Failures, critics and challenges
So Design Thinking has proven that it can be successful, even very successful. But does that mean that it always is? Certainly not. Next to the success stories, there are many failed Design Thinking experiments as well, which are mostly unknown. One reason for this, is that there is not one, straight definition for Design Thinking. There are characteristics, but these cannot be implemented into an organization just like that (Walters, 2011).
The characteristics of Design Thinking are idealistic and also very general and abstract. As Malbon (2016, n.p.) states: “It’s more focused on generating new ideas than understanding how they might actually work. It often underestimates the strategic context of how specific industries and markets really work.” Partly for this reason, designer Natasha Jen states that “Design Thinking is bullshit” (Jen, 2017, n.p.). Another interesting argument she comes up with to explain this, is our human intuition. She believes that the five-step process used in Design Thinking in most cases is not necessary. Many solutions, people can come up with just from their human intuition. They don’t need to empathize, define, ideate, prototype and test for that. An example she mentions is an MRI-scan for children, which was made from terrifying to terrific by adding cartoons in, on and around it (see Figure 3). The Design Thinking process preceded to this, but from their human intuition, the designers could have come up with that without the process, according to Jen (2017).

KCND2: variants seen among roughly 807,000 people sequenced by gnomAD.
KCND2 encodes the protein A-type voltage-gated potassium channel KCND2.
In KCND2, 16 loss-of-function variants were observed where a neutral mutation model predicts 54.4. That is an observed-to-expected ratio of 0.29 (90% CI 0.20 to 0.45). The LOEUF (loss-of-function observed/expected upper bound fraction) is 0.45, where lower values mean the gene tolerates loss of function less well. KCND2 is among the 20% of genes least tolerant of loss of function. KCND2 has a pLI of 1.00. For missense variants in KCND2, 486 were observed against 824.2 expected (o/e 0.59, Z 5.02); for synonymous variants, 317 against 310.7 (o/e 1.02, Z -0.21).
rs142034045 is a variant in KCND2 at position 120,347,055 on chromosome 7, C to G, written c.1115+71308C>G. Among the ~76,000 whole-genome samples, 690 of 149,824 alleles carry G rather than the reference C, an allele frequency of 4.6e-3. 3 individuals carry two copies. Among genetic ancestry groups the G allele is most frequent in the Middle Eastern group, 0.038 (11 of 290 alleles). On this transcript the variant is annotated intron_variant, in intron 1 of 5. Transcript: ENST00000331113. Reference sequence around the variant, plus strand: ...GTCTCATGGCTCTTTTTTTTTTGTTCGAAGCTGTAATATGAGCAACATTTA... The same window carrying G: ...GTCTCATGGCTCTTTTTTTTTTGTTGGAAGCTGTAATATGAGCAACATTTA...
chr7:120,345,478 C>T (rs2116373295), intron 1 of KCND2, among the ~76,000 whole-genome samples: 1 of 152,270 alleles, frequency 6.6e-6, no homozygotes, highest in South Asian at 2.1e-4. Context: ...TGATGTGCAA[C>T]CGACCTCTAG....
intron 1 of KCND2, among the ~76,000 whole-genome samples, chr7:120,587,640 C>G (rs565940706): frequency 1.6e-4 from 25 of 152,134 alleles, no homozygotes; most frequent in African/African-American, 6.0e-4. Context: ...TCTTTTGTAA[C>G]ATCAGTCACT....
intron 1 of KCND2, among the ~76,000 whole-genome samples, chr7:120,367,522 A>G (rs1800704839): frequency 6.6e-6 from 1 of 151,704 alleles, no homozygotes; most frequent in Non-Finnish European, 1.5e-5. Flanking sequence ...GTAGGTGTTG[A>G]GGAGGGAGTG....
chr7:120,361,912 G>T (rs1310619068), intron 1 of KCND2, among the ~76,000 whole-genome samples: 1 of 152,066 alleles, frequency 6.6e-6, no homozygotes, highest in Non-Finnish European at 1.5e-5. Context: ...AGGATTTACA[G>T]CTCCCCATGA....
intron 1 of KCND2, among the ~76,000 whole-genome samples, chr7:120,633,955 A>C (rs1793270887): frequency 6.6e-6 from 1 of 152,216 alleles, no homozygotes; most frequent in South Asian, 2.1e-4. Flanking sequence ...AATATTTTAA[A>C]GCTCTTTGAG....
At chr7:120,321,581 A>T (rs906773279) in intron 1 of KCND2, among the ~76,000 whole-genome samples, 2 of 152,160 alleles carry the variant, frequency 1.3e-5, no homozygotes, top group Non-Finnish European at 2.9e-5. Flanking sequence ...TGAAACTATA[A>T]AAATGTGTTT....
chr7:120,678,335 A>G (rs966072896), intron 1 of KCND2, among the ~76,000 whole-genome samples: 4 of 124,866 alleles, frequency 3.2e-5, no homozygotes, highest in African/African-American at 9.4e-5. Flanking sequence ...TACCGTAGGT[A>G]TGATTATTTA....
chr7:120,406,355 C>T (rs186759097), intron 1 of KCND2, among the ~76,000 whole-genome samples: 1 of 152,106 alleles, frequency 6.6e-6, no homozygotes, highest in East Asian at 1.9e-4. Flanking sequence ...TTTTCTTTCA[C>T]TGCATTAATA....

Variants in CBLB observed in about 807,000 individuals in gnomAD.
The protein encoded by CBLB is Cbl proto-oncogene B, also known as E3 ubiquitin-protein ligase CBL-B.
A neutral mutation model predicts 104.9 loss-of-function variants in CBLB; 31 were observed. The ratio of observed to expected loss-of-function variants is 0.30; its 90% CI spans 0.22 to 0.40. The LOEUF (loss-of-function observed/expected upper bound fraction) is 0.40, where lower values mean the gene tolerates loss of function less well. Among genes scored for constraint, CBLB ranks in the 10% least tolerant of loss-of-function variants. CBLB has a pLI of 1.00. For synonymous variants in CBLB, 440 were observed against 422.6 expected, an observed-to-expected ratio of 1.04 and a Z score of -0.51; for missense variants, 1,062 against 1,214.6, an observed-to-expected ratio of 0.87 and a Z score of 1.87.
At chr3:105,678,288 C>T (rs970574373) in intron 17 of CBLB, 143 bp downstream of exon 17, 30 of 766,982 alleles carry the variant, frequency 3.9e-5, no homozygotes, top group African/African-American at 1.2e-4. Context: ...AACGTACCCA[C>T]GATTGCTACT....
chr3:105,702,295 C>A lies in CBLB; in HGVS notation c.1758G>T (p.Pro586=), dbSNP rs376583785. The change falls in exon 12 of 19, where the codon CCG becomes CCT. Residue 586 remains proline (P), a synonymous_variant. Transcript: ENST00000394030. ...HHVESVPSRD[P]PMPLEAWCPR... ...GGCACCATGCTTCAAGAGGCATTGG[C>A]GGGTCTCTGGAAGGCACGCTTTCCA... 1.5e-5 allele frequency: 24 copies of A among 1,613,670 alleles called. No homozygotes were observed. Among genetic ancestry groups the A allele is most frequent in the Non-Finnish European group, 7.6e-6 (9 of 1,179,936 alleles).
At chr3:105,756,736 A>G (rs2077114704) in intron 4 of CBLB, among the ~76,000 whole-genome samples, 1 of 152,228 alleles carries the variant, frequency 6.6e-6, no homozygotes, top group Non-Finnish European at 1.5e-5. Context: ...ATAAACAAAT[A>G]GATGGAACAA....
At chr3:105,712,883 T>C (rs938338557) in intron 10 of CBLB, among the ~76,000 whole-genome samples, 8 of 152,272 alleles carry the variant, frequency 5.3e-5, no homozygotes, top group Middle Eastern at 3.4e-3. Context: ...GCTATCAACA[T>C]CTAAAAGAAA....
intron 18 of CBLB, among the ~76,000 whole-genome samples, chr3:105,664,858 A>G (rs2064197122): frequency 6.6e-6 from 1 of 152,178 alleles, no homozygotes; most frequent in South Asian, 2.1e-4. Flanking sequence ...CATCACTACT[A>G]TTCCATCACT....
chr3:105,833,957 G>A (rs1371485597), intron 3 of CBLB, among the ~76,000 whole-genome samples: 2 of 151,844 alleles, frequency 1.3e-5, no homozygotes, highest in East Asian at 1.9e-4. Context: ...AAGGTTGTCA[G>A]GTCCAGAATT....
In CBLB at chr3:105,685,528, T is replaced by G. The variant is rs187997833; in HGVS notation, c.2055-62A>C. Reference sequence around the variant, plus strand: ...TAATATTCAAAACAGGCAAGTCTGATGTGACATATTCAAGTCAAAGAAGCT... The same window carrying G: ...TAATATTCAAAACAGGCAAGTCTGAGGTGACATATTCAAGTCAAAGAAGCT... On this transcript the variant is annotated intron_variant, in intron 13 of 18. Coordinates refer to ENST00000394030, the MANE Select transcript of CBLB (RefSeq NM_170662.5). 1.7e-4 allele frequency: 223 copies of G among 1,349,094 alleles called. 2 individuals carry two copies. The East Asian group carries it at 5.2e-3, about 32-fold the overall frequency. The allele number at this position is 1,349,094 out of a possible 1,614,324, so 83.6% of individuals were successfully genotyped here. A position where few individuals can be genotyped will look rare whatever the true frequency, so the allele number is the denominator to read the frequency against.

All of this does not mean that Design Thinking has no value. However, it does mean that Design Thinking should be re-invented for every single organization that incorporates it. The main characteristics can function as support acts for this, but these should not be static rules. Design Thinking might be a great ideal, but that is not enough. It should be personalized. Some aspects might be left out, others might be added to make it work for a certain institution. As Malbon (2016, n.p.) states it: “It’s easy to be seduced by its appealing name, but don’t forget the rest of the stack: because in order to win, you need to solve for the whole of it.”